This school year, the district added an online credit recovery program to help students who have failed algebra and other courses. In Rockingham schools, students typically take Algebra 1 in eighth grade. With the Apex Learning System, a digital curriculum that includes guided instruction and incorporates audio, video and graphics to provide multiple instructional methods for different learning styles, students who haven't been able to pass the course can retake the course in about 80 hours over 80 days on the computer, in a regularly scheduled class with teacher help. If they want, they can move even faster by working after hours as well.

By earning the credit relatively soon after failing the course, students keep from falling far behind their peers. Research from the Consortium on Chicago School Research shows that students who are "on track" at the end of ninth grade are significantly more likely to graduate in four years.

"Algebra 1 is a tough course for some of our students," Worrell says. "Some of it is math anxiety that students develop at a young age, and some is that young adolescents can get discouraged and disengage with school. Our job is to motivate them and help them get through it. We think these programs can do that, and once we get students to believe in their own ability, it takes off."

A similar program gives students at the Aldine Independent School District in Houston a chance to use the PLATO Learning software system to earn algebra credits after failing the course. Like the Apex system, the PLATO credit recovery software is self-paced and offers multiple ways of learning concepts.

"If they're motivated enough, students can recover the credits quickly by going through the materials and taking the proficiency test sooner," says Carlos Varonne, program director of secondary mathematics at Aldine. "If the students weren't successful the first time, then they won't be just by taking the same course again where the material is presented in the same way. That's why differentiated instruction is so important."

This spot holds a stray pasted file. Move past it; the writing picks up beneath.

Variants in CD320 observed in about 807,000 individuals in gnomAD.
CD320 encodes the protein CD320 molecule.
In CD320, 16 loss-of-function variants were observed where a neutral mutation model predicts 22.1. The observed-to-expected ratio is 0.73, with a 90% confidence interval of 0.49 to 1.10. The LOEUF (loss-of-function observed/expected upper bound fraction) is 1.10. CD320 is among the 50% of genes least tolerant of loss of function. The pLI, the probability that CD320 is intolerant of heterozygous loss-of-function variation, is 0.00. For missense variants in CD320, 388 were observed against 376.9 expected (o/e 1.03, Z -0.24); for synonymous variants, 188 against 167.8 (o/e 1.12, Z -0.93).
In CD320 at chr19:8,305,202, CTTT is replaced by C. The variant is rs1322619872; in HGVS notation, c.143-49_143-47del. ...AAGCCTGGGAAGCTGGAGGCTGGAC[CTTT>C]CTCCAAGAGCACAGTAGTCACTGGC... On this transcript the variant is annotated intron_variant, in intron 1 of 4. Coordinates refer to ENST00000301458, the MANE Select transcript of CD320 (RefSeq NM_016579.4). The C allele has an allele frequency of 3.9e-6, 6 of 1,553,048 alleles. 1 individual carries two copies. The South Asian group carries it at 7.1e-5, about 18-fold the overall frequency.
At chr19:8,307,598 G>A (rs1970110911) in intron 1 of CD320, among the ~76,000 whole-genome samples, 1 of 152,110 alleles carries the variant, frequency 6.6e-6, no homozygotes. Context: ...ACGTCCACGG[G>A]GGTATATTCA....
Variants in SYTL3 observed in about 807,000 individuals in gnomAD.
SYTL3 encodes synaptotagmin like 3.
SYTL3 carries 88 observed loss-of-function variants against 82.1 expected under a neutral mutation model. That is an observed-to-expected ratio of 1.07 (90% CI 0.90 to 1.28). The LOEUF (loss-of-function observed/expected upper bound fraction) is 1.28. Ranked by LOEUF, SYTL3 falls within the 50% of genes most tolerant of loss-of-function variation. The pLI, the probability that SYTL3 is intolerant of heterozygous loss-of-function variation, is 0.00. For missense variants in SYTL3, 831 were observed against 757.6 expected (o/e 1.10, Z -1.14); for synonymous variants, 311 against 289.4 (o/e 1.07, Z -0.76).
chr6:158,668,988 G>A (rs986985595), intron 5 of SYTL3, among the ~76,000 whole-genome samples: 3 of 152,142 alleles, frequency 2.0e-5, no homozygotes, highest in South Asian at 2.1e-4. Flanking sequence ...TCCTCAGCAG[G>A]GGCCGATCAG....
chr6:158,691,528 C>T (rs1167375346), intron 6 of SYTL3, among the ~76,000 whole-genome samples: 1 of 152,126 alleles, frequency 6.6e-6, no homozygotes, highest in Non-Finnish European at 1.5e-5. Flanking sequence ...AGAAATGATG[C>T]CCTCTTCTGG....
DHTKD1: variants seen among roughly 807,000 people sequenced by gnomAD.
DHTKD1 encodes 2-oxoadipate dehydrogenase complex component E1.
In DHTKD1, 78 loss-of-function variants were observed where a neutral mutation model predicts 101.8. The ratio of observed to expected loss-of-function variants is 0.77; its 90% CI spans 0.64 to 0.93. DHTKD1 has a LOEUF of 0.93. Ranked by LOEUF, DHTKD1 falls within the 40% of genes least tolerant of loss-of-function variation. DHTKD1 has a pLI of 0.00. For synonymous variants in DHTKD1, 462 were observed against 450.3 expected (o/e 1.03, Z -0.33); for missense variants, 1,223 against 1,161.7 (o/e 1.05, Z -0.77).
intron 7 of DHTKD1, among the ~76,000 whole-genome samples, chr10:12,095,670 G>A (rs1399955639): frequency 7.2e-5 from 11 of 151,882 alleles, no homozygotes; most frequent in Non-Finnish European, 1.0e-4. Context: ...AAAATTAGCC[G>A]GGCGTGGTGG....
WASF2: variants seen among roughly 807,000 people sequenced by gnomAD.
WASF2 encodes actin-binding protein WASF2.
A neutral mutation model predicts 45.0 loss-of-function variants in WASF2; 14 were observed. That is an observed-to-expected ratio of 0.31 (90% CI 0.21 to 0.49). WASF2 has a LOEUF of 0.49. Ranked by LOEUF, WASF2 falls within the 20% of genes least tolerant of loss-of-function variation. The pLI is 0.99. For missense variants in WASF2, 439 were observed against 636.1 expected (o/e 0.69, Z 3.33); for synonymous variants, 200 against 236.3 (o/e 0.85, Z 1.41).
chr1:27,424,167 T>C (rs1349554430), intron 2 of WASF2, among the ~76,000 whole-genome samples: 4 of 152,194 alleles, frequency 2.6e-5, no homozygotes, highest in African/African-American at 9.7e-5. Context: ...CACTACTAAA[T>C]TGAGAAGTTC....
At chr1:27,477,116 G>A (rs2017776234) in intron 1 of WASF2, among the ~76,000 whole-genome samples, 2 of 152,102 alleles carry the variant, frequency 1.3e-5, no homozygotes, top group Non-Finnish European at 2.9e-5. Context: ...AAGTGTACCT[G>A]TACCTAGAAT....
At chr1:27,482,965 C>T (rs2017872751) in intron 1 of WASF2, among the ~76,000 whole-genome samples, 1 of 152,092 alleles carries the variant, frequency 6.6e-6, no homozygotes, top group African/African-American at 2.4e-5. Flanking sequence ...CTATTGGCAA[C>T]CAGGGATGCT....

Preparation Programs

The Aldine district also has programs designed to help ensure that students don't fail Algebra 1 in the first place, a strategy that is popular in many districts. In California, according to the state educational framework, students should be entering ninth grade already having finished algebra. For those that haven't, MIND Research Institute has been pilot testing in 11 middle and high schools throughout California a one-year Algebra Readiness program, which uses visual diagrams with accompanying software to present ideas in new, accessible ways. The curriculum walks struggling ninth-graders through the essential math concepts that were covered in grades 2 through 7. The program is designed to ensure that students have a clear grasp on the underlying concepts leading up to algebra that experts say are necessary to be successful once students take the course.


"It's not like pre-algebra, because it literally goes back and rebuilds that foundation," says Andrew Coulson, president of the education division for MIND Institute. "Our approach is to use accessible rigor and visualization to show how the concepts work."

Oxnard (Calif.) Union High School District has one high school class using Algebra Readiness this school year. With a largely immigrant, low-income student population, the district has struggled for several years to ensure that all of its students at six traditional and two alternative high schools succeed in algebra. Jim Short, a district math specialist, says that about a quarter of its students could use help to be ready for Algebra 1. "In our program [with Algebra Readiness], most students are engaged and learning, and their scores on tests so far show that," Short says. "q-he real proof will be when they move on to algebra, but we're very optimistic."

Seeley says that bridge programs such as Algebra Readiness can help students make the transition from standard arithmetic in traditional elementary and middle-school math to the more abstract ideas that are required for algebra. The Dana Center runs a program, Academic Youth Development, for districts around the country that identifies eighth-graders who are struggling with math and are also social leaders in the school. The summer course includes math content that extends K8 math concepts to prepare students for Algebra 1 alongside youth development coursework on such concepts as being a school leader and how the brain works. The combination is more interesting to students than just a summer math class, Seeley says.

Math in LA

To help struggling students in the Los Angeles Unified School District pass algebra, some LAUSD schools have adopted an optional double-block Algebra 1 course, which means ninth-graders have two periods of algebra a day--the first following a relatively standard curriculum and the second a course specially designed to help students with weakness in the subject, including a more hands-on approach, such as going through a concept in a much more contextual manner. It's a strategy that is catching on around the country and, according to some experts, is a better approach than stretching Algebra 1 into two years.